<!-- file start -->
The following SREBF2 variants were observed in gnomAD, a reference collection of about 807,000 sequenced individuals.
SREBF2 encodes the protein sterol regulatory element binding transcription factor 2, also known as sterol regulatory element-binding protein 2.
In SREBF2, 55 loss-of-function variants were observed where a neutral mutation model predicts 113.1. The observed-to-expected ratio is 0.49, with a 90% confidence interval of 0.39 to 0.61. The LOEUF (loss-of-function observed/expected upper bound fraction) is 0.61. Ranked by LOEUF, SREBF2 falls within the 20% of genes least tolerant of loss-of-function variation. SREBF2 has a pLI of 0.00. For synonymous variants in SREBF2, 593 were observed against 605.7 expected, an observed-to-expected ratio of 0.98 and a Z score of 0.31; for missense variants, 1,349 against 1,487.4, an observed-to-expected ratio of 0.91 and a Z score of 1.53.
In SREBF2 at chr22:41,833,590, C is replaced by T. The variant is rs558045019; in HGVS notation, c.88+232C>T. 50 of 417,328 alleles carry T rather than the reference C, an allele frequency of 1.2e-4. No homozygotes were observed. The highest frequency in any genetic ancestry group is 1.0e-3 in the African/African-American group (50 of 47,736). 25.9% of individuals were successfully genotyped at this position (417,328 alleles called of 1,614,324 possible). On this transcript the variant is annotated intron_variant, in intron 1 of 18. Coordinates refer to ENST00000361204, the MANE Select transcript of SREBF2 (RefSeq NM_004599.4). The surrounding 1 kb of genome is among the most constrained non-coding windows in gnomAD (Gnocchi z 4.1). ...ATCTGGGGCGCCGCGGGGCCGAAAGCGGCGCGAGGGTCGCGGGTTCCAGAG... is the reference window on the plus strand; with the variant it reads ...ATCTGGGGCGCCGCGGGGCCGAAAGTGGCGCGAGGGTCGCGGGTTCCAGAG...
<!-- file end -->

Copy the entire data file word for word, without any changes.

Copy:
The following SREBF2 variants were observed in gnomAD, a reference collection of about 807,000 sequenced individuals.
SREBF2 encodes the protein sterol regulatory element binding transcription factor 2, also known as sterol regulatory element-binding protein 2.
In SREBF2, 55 loss-of-function variants were observed where a neutral mutation model predicts 113.1. The observed-to-expected ratio is 0.49, with a 90% confidence interval of 0.39 to 0.61. The LOEUF (loss-of-function observed/expected upper bound fraction) is 0.61. Ranked by LOEUF, SREBF2 falls within the 20% of genes least tolerant of loss-of-function variation. SREBF2 has a pLI of 0.00. For synonymous variants in SREBF2, 593 were observed against 605.7 expected, an observed-to-expected ratio of 0.98 and a Z score of 0.31; for missense variants, 1,349 against 1,487.4, an observed-to-expected ratio of 0.91 and a Z score of 1.53.
In SREBF2 at chr22:41,833,590, C is replaced by T. The variant is rs558045019; in HGVS notation, c.88+232C>T. 50 of 417,328 alleles carry T rather than the reference C, an allele frequency of 1.2e-4. No homozygotes were observed. The highest frequency in any genetic ancestry group is 1.0e-3 in the African/African-American group (50 of 47,736). 25.9% of individuals were successfully genotyped at this position (417,328 alleles called of 1,614,324 possible). On this transcript the variant is annotated intron_variant, in intron 1 of 18. Coordinates refer to ENST00000361204, the MANE Select transcript of SREBF2 (RefSeq NM_004599.4). The surrounding 1 kb of genome is among the most constrained non-coding windows in gnomAD (Gnocchi z 4.1). ...ATCTGGGGCGCCGCGGGGCCGAAAGCGGCGCGAGGGTCGCGGGTTCCAGAG... is the reference window on the plus strand; with the variant it reads ...ATCTGGGGCGCCGCGGGGCCGAAAGTGGCGCGAGGGTCGCGGGTTCCAGAG...